Generating new investment boosts liquidity, reduces volatility, and leads to fair market value – all crucial to business success. But what’s the best approach to securing this investment when your entire region is undergoing a period of investor unease and the only companies seeing good liquidity and sell-side attention are the larger corporations?
This is the current situation in Latin America. A declining appetite for investment in listed companies due to political and economic instability has stagnated shareholder bases for several years.
‘The past three years have seen a decline in the economy coupled with difficulties in the capital markets, which means there has generally been no capital raising since the economic downturn began,’ says Nuno da Silva, head of Latin America at BNY Mellon. ‘Companies haven’t attempted them, and the market wouldn’t have been very receptive anyway.’
So what can Latin American companies do to get back on track? A proactive approach to targeting is vital, says Da Silva. ‘Some companies continually take a passive approach and rely exclusively on the sell side, thinking they are solely engaged by – and for – them,’ he points out. ‘The reality is, of course, that the sell-side has a business to run, and its business model will favor those opportunities that achieve profit.
‘By employing a strategic approach to identifying and meeting with compatible investors and using tactics such as detailed target analysis that successfully identifies any pools of investor capital not on the sell side’s matrix, Latin American companies can tap into real opportunities.’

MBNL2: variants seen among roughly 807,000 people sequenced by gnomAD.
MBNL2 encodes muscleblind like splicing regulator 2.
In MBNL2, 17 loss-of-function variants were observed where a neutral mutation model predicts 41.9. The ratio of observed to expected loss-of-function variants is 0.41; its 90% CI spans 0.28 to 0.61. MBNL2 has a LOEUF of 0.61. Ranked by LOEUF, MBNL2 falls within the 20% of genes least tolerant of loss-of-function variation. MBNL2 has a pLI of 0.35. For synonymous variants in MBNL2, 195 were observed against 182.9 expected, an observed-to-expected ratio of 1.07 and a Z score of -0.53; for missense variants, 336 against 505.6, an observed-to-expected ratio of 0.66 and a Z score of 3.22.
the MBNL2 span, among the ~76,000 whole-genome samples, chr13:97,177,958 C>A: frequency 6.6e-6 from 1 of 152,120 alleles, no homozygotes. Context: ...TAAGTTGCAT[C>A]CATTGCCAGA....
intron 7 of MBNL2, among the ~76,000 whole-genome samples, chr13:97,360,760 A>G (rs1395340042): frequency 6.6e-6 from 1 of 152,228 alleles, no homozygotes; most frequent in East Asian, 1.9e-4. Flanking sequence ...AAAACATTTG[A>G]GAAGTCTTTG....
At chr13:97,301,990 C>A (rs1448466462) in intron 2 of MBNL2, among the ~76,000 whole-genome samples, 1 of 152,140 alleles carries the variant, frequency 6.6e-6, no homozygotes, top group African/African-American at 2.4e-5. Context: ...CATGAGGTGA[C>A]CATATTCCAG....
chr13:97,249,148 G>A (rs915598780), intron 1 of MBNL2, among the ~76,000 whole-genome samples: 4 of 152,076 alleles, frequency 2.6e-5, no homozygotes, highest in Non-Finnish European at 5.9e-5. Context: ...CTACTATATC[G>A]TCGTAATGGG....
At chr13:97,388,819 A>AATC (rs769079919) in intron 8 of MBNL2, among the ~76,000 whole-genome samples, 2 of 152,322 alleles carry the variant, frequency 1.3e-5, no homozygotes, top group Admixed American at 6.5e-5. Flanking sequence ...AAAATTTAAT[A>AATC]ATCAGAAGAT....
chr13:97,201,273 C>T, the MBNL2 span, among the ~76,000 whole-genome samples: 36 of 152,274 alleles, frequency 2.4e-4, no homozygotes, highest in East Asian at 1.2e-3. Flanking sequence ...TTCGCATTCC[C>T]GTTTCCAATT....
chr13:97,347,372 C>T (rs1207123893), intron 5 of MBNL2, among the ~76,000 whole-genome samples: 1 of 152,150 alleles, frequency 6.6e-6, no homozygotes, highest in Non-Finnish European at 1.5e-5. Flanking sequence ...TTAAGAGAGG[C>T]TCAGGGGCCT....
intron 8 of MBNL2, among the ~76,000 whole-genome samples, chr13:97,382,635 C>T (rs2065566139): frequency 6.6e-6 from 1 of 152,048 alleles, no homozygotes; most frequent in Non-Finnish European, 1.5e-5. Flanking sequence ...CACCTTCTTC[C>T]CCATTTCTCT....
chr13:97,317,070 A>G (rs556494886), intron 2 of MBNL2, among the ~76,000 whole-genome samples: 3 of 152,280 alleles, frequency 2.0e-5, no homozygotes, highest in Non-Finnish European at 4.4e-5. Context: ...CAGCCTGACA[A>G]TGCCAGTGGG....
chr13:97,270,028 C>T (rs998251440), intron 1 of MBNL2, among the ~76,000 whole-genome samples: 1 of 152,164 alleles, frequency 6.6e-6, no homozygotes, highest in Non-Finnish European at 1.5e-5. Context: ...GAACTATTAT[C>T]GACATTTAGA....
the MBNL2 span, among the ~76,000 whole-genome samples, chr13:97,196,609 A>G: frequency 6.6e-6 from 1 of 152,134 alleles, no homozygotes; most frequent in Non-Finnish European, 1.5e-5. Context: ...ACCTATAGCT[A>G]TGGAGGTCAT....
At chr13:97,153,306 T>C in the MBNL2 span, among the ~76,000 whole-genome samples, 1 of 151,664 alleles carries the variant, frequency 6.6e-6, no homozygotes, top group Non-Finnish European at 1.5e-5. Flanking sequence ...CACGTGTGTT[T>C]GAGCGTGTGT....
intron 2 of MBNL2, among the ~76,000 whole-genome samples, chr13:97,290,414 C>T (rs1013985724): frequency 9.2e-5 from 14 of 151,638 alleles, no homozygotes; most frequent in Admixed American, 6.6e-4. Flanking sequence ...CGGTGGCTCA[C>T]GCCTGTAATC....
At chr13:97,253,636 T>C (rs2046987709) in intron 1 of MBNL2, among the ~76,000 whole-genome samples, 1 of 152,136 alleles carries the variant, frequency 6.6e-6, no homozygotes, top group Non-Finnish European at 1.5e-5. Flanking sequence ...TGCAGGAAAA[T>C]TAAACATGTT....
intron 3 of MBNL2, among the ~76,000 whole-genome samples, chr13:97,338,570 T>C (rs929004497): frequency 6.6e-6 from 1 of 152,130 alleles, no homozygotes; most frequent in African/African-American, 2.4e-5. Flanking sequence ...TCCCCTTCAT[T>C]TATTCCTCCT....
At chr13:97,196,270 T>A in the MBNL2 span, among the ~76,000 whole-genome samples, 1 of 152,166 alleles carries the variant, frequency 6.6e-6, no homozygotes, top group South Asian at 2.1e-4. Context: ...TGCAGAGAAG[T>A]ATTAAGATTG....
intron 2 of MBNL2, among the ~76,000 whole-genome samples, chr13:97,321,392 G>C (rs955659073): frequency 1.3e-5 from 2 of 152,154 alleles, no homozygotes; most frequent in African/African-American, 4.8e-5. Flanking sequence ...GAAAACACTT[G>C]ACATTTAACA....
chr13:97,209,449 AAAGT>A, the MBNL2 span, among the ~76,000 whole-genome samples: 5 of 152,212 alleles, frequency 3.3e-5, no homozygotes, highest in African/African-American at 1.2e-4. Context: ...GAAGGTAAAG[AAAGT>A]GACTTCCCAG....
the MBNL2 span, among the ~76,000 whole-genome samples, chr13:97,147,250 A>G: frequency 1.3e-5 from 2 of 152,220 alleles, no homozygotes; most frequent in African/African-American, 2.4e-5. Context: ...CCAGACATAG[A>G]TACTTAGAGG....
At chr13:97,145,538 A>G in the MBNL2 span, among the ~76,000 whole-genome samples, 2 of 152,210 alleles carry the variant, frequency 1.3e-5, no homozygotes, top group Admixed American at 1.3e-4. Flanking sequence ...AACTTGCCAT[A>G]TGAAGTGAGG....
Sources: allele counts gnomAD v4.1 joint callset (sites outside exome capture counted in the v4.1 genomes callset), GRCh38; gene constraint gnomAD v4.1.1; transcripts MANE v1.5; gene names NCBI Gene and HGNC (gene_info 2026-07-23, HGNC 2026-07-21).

Natura embarked upon its first targeting program in 2013 using Bloomberg data to develop a list of prospects based on criteria such as geography, ESG metrics, and previous investment decisions.
‘We ended up with a list of around 200 institutions that fitted our profiling, then gave ourselves two years to execute that list and make contact with fund managers,’ explains Fabio Cefaly, IRO at Natura. ‘The benefit for us was the opportunity to meet with investors that weren’t necessarily known to our brokers and the fact that we could develop our methodology for contacting them.’
And what was the success of the program? ‘We evaluated two different aspects of the targeting,’ says Cefaly. ‘The first was the execution of our original list of 200 institutions – the final figures for this showed that we visited around 75 percent of those managers. The second consideration was the conversion rate. This is more difficult to measure accurately as we never know who holds funds in our shareholder base. Still, we did see our shareholder base in Asia – one of the key geographical targets on our list – grow from less than 5 percent at the beginning to nearly 15 percent at the end of the two years.’
Despite Latin America’s recent troubles, corporate results from the last quarter show Brazil, Argentina, and Chile all doing well in the first half of 2016, a possible sign the region is starting to turn a corner. Some of it can be attributed to reform programs. ‘There has been a considerable amount of macroeconomic and regulatory reform in Argentina and Brazil, and these changes have been well received by investors, creating confidence in the market,’ says Da Silva. ‘We’re seeing investors start to return to the region on a selective basis – not in the numbers they once did, but not at insignificant levels, either.’
Felipe Saraiva, IRO for Brazil-based Duratex, agrees that things are looking brighter but explains that the potential risk of further market problems has led to Duratex kick-starting its in-house investor targeting program.
‘We believe there is always more to be done at home, so we’re developing a new methodology to identify the profile of our investors and work on better communication practices should market interest fall again,’ he says. ‘For us, the main benefit of doing our investor targeting versus relying on brokers for support is to be closer to the investors – we can optimize the time of our meetings and tailor them to the topics that are more interesting for investors individually.